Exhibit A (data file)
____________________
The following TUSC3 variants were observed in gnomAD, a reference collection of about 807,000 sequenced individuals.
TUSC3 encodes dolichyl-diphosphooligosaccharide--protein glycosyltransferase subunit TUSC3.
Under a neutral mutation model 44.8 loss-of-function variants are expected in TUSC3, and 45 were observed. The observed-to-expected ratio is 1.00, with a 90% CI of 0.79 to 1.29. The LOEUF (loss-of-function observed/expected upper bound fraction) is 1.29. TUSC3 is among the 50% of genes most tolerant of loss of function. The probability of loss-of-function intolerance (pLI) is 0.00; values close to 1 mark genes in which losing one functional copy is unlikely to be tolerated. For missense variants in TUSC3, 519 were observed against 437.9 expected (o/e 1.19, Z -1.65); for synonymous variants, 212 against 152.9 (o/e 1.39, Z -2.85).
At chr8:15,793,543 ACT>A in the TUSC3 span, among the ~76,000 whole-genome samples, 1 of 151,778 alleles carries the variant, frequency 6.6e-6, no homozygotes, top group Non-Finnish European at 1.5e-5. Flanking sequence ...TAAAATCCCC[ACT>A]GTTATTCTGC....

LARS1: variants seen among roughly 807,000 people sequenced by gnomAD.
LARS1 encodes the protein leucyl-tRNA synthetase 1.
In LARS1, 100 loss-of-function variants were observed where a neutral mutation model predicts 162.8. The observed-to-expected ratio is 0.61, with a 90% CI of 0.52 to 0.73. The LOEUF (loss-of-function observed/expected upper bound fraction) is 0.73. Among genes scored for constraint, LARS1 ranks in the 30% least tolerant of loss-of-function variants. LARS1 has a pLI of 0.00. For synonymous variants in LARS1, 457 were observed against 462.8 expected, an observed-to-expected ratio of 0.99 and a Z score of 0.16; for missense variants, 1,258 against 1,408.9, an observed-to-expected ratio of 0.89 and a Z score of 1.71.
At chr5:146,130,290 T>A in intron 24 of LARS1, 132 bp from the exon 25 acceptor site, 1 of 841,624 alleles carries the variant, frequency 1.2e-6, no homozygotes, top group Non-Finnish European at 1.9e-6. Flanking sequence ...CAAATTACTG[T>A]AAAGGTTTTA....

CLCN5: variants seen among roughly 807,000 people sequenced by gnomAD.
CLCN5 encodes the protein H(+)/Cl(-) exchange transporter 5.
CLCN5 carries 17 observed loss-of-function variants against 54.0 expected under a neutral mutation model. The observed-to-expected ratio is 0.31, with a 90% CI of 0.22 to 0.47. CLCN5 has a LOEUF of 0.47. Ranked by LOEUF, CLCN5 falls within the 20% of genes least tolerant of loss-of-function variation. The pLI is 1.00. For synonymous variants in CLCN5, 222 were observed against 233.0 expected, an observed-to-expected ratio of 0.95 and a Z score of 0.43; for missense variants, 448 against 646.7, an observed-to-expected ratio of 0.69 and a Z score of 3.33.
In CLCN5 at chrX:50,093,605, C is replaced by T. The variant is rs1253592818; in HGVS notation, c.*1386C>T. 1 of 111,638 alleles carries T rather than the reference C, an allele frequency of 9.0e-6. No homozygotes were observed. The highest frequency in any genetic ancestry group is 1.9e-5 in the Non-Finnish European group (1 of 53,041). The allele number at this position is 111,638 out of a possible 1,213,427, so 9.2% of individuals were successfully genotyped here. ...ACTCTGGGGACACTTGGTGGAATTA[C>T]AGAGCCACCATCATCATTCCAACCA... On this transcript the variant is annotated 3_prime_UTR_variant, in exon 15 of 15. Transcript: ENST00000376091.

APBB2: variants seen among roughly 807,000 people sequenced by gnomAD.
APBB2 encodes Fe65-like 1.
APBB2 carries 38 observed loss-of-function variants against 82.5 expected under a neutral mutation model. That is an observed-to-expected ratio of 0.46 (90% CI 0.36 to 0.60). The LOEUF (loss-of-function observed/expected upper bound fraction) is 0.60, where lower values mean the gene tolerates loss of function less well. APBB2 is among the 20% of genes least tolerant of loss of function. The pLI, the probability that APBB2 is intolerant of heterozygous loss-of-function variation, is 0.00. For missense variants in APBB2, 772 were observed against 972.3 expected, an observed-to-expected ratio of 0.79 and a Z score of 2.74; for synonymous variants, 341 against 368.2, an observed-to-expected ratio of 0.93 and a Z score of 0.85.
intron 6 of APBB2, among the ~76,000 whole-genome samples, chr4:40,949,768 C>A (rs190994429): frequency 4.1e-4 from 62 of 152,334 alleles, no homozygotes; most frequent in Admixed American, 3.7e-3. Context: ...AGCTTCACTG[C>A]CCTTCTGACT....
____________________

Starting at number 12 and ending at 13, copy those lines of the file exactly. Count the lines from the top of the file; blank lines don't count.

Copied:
In CLCN5 at chrX:50,093,605, C is replaced by T. The variant is rs1253592818; in HGVS notation, c.*1386C>T. 1 of 111,638 alleles carries T rather than the reference C, an allele frequency of 9.0e-6. No homozygotes were observed. The highest frequency in any genetic ancestry group is 1.9e-5 in the Non-Finnish European group (1 of 53,041). The allele number at this position is 111,638 out of a possible 1,213,427, so 9.2% of individuals were successfully genotyped here. ...ACTCTGGGGACACTTGGTGGAATTA[C>T]AGAGCCACCATCATCATTCCAACCA... On this transcript the variant is annotated 3_prime_UTR_variant, in exon 15 of 15. Transcript: ENST00000376091.

APBB2: variants seen among roughly 807,000 people sequenced by gnomAD.